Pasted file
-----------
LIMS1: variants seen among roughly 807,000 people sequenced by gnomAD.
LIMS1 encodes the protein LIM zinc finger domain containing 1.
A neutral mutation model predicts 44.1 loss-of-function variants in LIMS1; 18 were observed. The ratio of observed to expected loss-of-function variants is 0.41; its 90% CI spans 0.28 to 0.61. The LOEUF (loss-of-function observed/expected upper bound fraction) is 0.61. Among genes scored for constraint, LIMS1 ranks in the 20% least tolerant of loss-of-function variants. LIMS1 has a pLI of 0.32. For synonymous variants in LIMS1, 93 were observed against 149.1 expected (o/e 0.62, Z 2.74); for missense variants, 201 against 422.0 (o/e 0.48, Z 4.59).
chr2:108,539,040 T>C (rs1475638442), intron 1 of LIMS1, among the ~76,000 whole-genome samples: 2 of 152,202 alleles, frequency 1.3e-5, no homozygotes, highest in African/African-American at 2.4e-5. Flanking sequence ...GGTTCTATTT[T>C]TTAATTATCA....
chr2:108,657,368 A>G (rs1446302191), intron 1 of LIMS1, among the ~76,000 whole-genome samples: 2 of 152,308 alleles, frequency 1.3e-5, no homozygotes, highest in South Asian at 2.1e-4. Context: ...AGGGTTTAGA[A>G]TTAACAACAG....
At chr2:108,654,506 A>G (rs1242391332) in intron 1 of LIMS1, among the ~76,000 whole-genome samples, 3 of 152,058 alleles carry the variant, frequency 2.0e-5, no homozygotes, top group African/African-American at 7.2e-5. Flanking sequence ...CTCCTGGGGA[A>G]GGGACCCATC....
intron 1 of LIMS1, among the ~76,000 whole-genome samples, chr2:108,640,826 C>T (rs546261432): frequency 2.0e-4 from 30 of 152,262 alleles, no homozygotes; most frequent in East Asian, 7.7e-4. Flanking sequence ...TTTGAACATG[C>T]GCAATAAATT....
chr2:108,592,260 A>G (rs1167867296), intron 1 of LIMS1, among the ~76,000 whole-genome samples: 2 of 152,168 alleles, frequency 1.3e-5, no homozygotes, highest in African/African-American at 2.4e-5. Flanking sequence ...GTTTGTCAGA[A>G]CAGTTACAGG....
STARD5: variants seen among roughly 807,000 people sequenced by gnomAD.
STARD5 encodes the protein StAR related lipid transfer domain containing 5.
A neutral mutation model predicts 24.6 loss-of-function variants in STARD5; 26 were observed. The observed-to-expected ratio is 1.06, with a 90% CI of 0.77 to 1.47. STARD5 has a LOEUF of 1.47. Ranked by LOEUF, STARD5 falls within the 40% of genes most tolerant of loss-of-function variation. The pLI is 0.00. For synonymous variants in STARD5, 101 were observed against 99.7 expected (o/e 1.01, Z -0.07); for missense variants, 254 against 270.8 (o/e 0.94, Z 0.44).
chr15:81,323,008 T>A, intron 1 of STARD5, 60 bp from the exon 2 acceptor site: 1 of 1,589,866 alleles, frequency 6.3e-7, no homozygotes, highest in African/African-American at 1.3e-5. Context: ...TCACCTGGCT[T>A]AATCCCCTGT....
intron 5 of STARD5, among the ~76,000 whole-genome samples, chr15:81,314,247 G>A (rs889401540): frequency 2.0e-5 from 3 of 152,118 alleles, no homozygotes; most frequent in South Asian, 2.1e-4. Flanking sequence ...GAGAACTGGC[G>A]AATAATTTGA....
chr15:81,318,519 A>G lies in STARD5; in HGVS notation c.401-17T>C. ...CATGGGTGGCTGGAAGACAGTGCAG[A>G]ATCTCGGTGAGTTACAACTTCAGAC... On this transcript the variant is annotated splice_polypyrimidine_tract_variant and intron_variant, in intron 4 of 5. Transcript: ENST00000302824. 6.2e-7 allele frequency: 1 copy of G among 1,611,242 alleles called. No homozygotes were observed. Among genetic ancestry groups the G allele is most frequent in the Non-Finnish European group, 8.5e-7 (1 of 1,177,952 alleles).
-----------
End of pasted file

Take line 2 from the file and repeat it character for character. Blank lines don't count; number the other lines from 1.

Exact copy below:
LIMS1 encodes the protein LIM zinc finger domain containing 1.